THE DUP is still coming under fire for not doing enough to combat sectarian attacks in the Ballymena area, and with a loyalist parade in Rasharkin tomorrow night, more trouble is expected from the knuckledraggers behind the violence. Concerned about future republican activity, the DUP is saying plenty about the imminent demise of the RIR and police station closures. Yet it has said comparatively little about those who present the biggest threat to both its unionist voters and Catholic constituents in North Antrim – the loyalists that DUP politicians were content to be seen mingling with in Ballymena recently. If the DUP expended half the energy it does on giving off about the IRA threat of violence (real or imagined) and channelled it into ending loyalist attacks, we might get somewhere.
Nevertheless, PA reported that a DUP spokesman said his party was treating Gerry Kelly’s comments “with contempt”, given his background.
“Sinn Fein/IRA has terrorised the community for 35 years spreading violence and criminality,” the spokesman said.
“Even yet they refuse to give information to the police.
“The DUP position on all attacks is clear. Our representatives have condemned wholeheartedly all such attacks and have asked anyone with information to help the police.”
The position is so clear that we had photographs in the Press of Councillor Robin Sterling of the DUP’s ‘spiritual wing’ standing beside someone waving a UDA flag the other night at a loyalist protest against a republican parade in Ballymena.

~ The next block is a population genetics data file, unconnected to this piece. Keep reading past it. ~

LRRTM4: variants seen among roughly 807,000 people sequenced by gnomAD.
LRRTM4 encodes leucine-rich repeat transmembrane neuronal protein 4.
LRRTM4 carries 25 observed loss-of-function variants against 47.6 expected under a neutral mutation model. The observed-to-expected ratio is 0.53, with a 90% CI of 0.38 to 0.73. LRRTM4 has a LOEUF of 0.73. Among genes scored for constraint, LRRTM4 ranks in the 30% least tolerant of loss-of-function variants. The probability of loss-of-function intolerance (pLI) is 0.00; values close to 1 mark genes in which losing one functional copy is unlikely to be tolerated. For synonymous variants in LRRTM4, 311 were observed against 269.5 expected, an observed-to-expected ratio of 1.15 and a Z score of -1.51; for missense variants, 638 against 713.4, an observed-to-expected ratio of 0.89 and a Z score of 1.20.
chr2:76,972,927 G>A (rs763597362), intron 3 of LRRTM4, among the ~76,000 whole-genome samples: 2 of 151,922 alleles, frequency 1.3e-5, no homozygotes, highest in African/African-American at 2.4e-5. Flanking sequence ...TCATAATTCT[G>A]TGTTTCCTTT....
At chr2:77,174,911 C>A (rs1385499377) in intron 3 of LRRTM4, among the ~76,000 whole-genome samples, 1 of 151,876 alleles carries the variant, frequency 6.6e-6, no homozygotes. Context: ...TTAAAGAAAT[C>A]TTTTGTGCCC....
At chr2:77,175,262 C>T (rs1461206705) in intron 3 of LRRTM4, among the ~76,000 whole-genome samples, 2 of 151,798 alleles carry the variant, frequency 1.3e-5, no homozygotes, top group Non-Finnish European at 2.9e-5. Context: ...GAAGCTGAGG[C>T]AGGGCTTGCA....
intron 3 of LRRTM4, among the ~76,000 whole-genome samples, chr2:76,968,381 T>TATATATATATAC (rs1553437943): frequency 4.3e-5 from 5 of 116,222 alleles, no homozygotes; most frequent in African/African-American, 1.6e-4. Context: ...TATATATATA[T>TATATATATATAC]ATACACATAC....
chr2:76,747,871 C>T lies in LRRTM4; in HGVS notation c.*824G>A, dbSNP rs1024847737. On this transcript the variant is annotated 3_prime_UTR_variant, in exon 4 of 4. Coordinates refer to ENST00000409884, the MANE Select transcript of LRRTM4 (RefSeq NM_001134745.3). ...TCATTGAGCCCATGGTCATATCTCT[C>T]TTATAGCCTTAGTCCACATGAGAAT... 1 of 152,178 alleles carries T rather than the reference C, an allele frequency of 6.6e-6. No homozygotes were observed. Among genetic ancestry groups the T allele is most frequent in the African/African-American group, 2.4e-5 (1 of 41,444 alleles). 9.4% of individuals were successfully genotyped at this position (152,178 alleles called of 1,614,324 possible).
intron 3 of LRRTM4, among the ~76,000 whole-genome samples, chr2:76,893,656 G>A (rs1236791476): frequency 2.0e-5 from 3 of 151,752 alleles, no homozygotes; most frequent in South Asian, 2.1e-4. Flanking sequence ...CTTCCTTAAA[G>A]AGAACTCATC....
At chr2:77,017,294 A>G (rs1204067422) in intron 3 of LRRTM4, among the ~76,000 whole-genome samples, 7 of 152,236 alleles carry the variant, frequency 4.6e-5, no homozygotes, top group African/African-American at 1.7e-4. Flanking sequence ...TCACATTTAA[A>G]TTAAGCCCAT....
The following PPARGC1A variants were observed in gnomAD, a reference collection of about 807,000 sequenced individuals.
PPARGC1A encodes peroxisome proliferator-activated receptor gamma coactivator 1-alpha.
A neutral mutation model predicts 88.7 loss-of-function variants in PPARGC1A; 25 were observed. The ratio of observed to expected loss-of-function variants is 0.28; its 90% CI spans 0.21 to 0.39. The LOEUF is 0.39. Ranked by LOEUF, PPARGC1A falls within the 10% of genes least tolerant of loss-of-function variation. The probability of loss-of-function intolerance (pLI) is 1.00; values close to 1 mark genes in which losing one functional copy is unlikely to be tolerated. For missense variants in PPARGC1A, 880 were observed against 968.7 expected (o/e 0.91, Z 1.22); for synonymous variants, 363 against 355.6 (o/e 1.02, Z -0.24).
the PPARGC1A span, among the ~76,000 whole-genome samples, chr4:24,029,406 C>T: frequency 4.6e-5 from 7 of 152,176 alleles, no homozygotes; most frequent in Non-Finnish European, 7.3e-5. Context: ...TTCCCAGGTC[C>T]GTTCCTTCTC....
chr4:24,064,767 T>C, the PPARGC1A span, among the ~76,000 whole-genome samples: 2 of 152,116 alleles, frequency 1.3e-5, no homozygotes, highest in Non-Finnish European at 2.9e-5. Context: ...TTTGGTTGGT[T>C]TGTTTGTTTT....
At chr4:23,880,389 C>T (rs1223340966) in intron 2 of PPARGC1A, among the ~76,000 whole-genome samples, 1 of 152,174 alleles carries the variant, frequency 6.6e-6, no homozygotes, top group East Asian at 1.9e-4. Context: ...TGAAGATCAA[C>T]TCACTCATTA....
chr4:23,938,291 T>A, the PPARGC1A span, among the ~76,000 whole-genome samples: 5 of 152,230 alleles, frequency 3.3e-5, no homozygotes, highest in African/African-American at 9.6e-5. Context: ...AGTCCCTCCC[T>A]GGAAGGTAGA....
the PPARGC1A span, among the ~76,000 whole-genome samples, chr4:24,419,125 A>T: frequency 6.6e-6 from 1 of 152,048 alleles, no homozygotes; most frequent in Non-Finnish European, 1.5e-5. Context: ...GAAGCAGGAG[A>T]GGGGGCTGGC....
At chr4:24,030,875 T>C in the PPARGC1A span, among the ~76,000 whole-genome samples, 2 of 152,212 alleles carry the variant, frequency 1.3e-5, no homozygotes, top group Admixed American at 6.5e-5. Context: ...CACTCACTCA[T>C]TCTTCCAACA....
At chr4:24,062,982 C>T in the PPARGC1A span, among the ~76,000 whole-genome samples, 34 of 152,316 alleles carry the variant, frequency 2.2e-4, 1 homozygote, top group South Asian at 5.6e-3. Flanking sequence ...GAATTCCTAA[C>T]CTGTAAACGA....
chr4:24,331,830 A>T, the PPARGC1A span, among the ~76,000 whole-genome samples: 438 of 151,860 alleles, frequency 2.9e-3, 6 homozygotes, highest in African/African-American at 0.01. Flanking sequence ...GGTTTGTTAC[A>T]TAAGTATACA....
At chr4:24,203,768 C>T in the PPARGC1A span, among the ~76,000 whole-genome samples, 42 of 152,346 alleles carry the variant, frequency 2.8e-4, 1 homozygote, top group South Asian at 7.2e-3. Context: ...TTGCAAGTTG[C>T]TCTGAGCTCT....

Perhaps the DUP is afraid of losing support in its terrorist-supporting fanbase.
So even when Paisley finally did speak out against the widespread campaign of loyalist intimidation against his constituents, it rang somewhat hollow.
Paisley said: “Last week when the mayor (of Ballymena, DUP councillor Tommy Nicholl) unreservedly condemned any and all such attacks, he spoke with the authority of my party and it goes without saying that I too condemn these attacks and call for them to end.”
It most certainly does not “go without saying” that Mr Paisley condemns loyalist attacks, since his words have contributed to them happening in the past. On holiday or not, there’s little doubt Mr Paisley should have had plenty to say about a low-level terrorist campaign in his adopted home town.
Equally, when the PSNI officer responsible for policing Ahoghill – where many of the loyalist attacks have taken place recently – remarks that “[t]here`s no doubt that there`s an element of sectarianism, but also an element of people just not getting on with each other”, one wonders what exactly churches and schools have to do with any disputes between individuals.
Such attacks on identifibly ‘Catholic’ targets are naked sectarianism, and while they may not have the sanction of any organisation (or even if they do), it does not absolve the PSNI of the fact that they are policing a very small village with next to nothing to show for their investigation.
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